ANOTHER WAY TO SEE COVID'S DISPARATE IMPACT: “Nearly 1 in 3 black Americans know someone personally who has died of covid-19, far exceeding their white counterparts, according to a Washington Post-Ipsos poll,” Amy Goldstein and Emily Guskin report this morning.

No other group comes close: “The nationwide survey finds that 31 percent of black adults say they know someone firsthand who has been killed by the virus, compared with 17 percent of adults who are Hispanic and 9 percent who are white,” our colleagues write.

  • The gap widens when the question is focused on just symptoms consistent with covid-19: “Sightly more than half of black Americans say they know at least one person who has gotten sick or died of the disease caused by the novel coronavirus. Fewer than 4 in 10 white or Hispanic Americans say they do.”

On The Hill

HOUSE PASSES POLICING BILL THAT THE WHITE HOUSE THREATENED TO VETO: “The largely party-line vote of 236 to 181 epitomized the polarized debate in recent weeks, despite public polling showing broad support for some restrictions on law enforcement after the high-profile deaths of [George] Floyd and other African Americans at the hands of police,” Felicia Sonmez, Paul Kane and Rhonda Colvin report.

  • Only three Republicans broke ranks: Reps. Will Hurd (Tex.), the lone black GOP House member; Brian Fitzpatrick (Pa.), and Fred Upton (Mich.) — broke ranks and joined Democrats in backing the House bill.”

What happens now: With Congress set to adjourn later next week for an 18-day break, [Sen Tim] Scott expressed concern that the momentum for compromise was fading. ‘It’s dissipating as we speak,’ said Scott, the lead sponsor of the Senate GOP's proposal. “And they know it. They are playing a dangerous game of politics that they can afford to wait until November or next year. That’s a dangerous game.” 

HISTORIC D.C. STATEHOOD VOTE EXPECTED TODAY: The House is expected to pass legislation for the first-time making the District the nation's 51st state later today, it's also the first floor vote on the issue since 1993, Jenna Portnoy reports.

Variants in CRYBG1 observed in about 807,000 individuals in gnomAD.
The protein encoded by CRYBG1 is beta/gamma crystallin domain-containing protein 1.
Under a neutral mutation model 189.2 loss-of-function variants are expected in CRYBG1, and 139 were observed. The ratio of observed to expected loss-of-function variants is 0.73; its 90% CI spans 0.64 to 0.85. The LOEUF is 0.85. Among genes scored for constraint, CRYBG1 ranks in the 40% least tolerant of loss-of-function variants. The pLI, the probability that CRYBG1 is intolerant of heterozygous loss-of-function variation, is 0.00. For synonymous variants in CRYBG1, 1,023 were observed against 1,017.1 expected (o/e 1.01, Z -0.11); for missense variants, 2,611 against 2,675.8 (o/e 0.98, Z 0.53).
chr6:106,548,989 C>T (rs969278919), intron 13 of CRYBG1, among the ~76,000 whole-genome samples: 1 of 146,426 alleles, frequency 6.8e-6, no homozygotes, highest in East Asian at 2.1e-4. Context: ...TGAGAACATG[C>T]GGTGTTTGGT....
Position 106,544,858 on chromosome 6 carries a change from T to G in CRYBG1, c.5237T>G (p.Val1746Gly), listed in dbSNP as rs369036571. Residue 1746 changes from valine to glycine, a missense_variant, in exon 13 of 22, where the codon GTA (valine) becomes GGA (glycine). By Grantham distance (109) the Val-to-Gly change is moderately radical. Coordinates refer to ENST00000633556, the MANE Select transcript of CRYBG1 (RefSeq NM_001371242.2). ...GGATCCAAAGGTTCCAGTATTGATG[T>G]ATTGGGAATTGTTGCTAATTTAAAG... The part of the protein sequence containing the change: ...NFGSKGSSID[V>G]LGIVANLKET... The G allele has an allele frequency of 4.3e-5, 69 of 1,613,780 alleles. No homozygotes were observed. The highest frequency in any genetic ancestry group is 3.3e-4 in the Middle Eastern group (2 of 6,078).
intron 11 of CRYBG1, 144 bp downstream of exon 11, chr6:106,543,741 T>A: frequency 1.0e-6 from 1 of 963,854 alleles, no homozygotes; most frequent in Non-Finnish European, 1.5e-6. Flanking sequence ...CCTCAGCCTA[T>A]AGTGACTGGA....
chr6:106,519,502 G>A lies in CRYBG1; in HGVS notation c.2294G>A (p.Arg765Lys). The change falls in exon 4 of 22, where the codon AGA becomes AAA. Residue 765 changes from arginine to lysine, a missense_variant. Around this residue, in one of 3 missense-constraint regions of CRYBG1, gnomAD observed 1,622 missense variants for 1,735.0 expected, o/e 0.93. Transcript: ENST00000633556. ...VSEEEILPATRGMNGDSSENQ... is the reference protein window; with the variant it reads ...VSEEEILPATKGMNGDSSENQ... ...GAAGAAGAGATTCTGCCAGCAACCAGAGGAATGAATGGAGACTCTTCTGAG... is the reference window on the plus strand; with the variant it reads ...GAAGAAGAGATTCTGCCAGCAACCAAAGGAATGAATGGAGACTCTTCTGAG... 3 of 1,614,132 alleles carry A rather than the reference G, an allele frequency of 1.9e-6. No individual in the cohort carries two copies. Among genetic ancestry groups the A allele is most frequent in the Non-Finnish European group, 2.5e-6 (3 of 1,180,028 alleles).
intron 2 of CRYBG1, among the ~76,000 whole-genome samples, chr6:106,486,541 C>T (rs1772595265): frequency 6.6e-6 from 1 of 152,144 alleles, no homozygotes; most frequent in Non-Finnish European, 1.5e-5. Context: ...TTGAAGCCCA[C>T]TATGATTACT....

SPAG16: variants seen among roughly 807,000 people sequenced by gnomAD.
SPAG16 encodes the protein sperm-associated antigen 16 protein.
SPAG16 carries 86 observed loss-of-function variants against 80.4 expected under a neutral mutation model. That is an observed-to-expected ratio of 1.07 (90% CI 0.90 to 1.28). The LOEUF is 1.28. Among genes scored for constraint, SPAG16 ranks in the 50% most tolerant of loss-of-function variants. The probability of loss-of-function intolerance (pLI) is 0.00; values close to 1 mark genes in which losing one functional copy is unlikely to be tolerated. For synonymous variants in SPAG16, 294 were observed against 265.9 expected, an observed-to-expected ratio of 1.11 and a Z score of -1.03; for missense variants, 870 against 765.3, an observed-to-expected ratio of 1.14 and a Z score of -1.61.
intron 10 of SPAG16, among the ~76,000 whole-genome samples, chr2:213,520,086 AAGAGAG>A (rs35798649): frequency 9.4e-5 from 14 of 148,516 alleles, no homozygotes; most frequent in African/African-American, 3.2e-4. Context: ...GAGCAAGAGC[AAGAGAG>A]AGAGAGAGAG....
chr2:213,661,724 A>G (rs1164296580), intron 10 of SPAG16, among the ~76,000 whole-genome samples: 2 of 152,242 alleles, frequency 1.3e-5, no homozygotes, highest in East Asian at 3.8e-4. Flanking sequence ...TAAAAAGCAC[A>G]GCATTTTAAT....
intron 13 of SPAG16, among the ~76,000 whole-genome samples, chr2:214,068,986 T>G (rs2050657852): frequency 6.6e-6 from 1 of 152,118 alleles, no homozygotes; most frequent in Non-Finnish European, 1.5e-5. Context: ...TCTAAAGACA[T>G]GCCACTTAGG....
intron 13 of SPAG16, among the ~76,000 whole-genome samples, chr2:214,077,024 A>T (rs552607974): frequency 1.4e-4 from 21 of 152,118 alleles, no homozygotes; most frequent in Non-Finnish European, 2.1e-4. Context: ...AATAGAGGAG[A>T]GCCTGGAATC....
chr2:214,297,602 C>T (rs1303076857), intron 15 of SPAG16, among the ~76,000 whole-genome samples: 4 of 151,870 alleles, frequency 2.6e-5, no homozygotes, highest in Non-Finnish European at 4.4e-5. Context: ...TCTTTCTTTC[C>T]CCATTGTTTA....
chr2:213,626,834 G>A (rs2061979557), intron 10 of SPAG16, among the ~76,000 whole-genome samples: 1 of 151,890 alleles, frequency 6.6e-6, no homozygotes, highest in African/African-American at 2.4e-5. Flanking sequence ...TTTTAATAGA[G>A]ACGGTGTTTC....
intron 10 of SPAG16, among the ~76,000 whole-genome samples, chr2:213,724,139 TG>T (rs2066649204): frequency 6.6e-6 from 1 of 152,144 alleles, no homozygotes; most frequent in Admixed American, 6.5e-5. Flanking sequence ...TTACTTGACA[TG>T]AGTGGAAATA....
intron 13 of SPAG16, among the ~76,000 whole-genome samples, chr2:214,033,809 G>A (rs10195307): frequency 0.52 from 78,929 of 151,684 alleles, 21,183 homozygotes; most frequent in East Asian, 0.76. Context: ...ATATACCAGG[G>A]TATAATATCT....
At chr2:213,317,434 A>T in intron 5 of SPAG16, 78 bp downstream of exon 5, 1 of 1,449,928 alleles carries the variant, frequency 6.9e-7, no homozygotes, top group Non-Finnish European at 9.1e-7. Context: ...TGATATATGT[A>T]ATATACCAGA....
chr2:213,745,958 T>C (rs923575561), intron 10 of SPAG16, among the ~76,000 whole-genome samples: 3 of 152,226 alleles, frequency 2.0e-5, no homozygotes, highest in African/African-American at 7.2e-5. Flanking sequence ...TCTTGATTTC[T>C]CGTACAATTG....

The White House formally threatened to veto such an action earlier this week: Senate Majority Leader Mitch McConnell opposes statehood and has vowed not to hold a vote in the chamber, making a presidential action moot. (The House legislation has 226 co-sponsors and 40 in the Senate, all Democrats or Independents that caucus with the party.)

  • Senate Tom Cotton (R-Ark.) slammed the idea: “Yes, Wyoming is smaller than Washington by population, but it has three times as many workers in mining, logging and construction, and 10 times as many workers in manufacturing,” Cotton said, Colby Itkowitz and Jenna Portnoy report. “In other words, Wyoming is a well-rounded working-class state.” Cotton's Democratic colleagues chastised him for “job shaming.” 

In the Media


Dunford eyed to oversee Congressional Oversight Commission: “Former Joint Chiefs of Staff Chairman Joseph Dunford is the leading contender to chair the Congressional Oversight Commission, a key oversight mechanism for the Cares Act that has been leaderless since the legislation passed in March, according to three people familiar with the situation,” Erica Werner reports.

Mary Trump prepares to tell all: Mary's book about the president “Too Much and Never Enough: How My Family Created the World’s Most Dangerous Man” remains under wraps before its publication next month. “But clues to her dark view of [him] can be seen in lawsuits, and interviews with former colleagues and teachers, academic papers and a series of now-deleted tweets, including one that said her uncle’s election was the ‘worst night of my life,’” Michael Kranish reports this morning.